BREAKING: Students set up barricade in Cooper Union, demand free educationPosted on December 3, 2012 | by Jaewon Kang and Amy Aixi Zhang
Eleven Cooper union students and 1 New School Free Press reporter have barricaded themselves in the Foundation Building of Cooper Union for the Advancement of Science and Art. In a scheduled “Day of Action,” the protest was organized to object potential plans by President Jamshed Bharucha and the board of trustees to begin charging tuition for education programs in the coming fall semester.
UPDATE: 4:00 p.m. Students for a Free Cooper Union representative said the students barricaded themselves at approximately noon today.
UPDATE: 4:20 p.m. Kristi Cavataro, a junior in the Cooper Union’s School of Arts who is in the barricade, said the administrators tried to drill in when the group of students first entered the room to set up the barricades.
“We told them to stop and that our bodies were up against the doors and our bodies were chained to the doors,” Cavataro said. “And we haven’t heard them on the other side of our barricades.”
“We’ve got plenty of food, we’re not planning on leaving until these demands are met,” she said. “Until we’re forcibly removed, we are not leaving.”
Claire McCarthy, director of public affairs at the Cooper Union, said the university has been discussing various ways to keep the institution financially sustainable and preserve its academic excellence.
“Right now, undergraduate tuition is still secure, but there has been a tremendous amount of communication over the last year,” McCarthy said.
McCarthy added that no official decision has been made on tuition.
“There is a process under way where programs are being developed and will be evaluated by the president and the board,” she said.
She said the protesters are a small group of students, as most of them are from the School of Art: “They do not necessarily represent the entire thousand-member student body or the faculty,” she said.
McCarthy said even though the university has been in contact with the group of students who are protesting, she does not know the outcome or if it has been reached at the time of the post.
UPDATE: 5:05 p.m. A maintenance worker for the Cooper Union, who wanted to remain anonymous, said he was placed on the roof by the school.
He said the university noticed around 8 a.m. that students had started setting up for a demonstration in the Peter Cooper suite, located at the roof of the Cooper Union Foundation Building.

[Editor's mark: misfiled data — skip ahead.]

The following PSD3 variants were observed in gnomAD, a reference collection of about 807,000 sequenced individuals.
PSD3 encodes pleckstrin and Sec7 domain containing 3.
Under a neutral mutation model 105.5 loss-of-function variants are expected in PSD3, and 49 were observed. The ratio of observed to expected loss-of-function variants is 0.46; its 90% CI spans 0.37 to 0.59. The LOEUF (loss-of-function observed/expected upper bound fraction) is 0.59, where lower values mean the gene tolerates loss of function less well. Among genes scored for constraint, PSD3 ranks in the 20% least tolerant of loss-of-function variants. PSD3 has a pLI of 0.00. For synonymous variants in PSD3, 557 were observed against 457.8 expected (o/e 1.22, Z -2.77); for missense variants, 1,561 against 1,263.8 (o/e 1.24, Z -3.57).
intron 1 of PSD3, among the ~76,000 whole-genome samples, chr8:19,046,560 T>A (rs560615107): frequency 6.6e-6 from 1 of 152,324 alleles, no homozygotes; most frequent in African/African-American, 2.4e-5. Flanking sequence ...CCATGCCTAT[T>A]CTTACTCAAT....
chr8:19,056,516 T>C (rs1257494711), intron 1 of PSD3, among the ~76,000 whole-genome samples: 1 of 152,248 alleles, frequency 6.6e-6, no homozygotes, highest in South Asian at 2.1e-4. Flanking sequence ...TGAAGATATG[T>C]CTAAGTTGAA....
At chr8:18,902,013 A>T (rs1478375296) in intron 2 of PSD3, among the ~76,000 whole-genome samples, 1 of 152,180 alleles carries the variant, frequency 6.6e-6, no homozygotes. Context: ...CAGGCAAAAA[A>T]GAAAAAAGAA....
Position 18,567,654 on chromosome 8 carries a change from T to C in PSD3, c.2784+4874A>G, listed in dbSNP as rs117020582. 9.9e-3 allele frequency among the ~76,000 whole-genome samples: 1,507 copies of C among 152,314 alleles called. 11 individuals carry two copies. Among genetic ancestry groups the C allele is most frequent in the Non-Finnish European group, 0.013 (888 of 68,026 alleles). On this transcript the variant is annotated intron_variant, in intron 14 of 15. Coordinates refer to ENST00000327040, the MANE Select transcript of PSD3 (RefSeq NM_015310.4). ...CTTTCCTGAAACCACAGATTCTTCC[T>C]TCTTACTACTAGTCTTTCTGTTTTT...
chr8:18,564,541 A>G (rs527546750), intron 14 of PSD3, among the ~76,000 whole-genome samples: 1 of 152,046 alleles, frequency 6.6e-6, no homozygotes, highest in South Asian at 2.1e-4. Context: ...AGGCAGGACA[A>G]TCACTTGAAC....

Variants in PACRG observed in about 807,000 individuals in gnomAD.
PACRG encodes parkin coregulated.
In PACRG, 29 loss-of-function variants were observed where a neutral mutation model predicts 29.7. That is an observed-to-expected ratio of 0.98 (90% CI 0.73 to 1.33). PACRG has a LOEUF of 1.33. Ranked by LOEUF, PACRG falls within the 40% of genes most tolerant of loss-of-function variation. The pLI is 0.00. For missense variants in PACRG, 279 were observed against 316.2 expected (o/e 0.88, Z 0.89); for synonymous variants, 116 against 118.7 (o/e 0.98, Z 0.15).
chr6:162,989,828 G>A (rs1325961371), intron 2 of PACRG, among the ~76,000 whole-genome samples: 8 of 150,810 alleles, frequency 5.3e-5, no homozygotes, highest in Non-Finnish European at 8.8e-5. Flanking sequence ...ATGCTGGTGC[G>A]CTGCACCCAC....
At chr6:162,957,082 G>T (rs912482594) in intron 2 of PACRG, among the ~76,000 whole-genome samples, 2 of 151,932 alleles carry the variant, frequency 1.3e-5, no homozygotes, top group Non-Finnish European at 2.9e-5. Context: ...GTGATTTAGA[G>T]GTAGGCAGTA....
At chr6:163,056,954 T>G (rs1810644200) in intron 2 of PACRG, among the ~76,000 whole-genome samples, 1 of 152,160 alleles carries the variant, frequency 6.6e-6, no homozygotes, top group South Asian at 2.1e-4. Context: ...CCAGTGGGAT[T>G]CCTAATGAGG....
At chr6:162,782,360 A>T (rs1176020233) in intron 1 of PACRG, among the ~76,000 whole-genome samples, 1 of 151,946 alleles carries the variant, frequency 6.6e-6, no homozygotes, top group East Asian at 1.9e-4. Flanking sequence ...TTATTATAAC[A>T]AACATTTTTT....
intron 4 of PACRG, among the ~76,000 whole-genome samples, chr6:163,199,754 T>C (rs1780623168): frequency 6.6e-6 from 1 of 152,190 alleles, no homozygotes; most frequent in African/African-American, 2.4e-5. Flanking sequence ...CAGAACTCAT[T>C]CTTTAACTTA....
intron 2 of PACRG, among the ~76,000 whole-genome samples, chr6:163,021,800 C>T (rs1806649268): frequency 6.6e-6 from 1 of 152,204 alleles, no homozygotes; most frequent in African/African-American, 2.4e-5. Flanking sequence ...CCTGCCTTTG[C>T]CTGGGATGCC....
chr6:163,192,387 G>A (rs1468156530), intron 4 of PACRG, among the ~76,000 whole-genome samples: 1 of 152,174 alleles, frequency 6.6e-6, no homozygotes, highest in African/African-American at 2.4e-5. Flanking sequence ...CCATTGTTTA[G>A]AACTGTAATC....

“That’s when we started figuring out that something was going on,” he said. “We thought the elevator was probably broken, but it was actually that the students were holding the elevator to control it in the Peter Cooper’s suite.”
UPDATE: 5:28 p.m. Jasmine Stein, a Cooper Union senior, said she came to show her support for the movement.
She said the students and faculty may share a challenging relationship because the professors have been asked to create revenue-generating plans.
“They have sort of been coerced into doing this. They don’t really have much of a choice, and we’re protesting against these programs,” Stein said. “I think a lot of them, or most of them, sympathize with us, but they can’t officially be united with us.”
UPDATE: 5:44 p.m. Molly Fabbri, a CAS junior, said she saw the protest on her way to class today.
She said even though she understands why Cooper Union students are upset, she is not sure what the protest will achieve.
“If Cooper Union’s financial straits are so bad that their tuition has to jump from zero to, from the looks of their website, $40,000 a year, they probably can’t afford to relent just because students are angry,” she said.
“I also don’t think the students will be able to get a lot of powerful outside support,” Fabbri said. “I am a sympathetic party, but as someone who pays $60,000 a year for my education, the students who expected that their school would remain free even in the current economic environment seem naive.”
UPDATE: 6:31 p.m. Andrew Crudge, a Cooper Union senior and co-president of Student Council, said he does not agree with the issues the group of students raised through the protest.
“They think the administration isn’t transparent. They don’t think the administration has their best interests in mind. They’re frustrated with the school,” he said. “I think the administration is working hard to come up with solutions that are appropriate.”
Peter Wirzbicki, a GSAS alumnus, participated in Take Back NYU’s occupation of Kimmel Center for University Life in 2009. Take Back NYU coalition demanded the university to be more transparent through various issues that included having an open account of the university’s budget and investments and building a finance committee consisting of students.
“Both NYU’s protests in 2009 and what is going on at Cooper Union now are fundamentally about tuition that is rising far faster than students have the ability to pay,” he said.
“I notice that the Cooper Union students have demanded a more democratic means of communication and decision making within the university,” Wirzbicki said. “This is good and is something that NYU students have also demanded. When people speak of the corportization of higher ed, what they mean is that universities are increasingly becoming top down, profit-driven and anti-democratic places.”
UPDATE: 6:44 p.m. Floyd Hammack, associate professor of Educational Sociology and Higher Education in Steinhardt School of Culture, Education and Human Development, said the Cooper Union protest is not parallel to the Kimmel Occupation from three years ago, as NYU never had free tuition.
“CU has experienced a financial crisis in the last year or so — actually it has been building for a number of years — and can no longer be put off,” Hammack said. “Colleges have real cost that must be paid, and if their income does not exceed their expenses, then cuts have to be made.”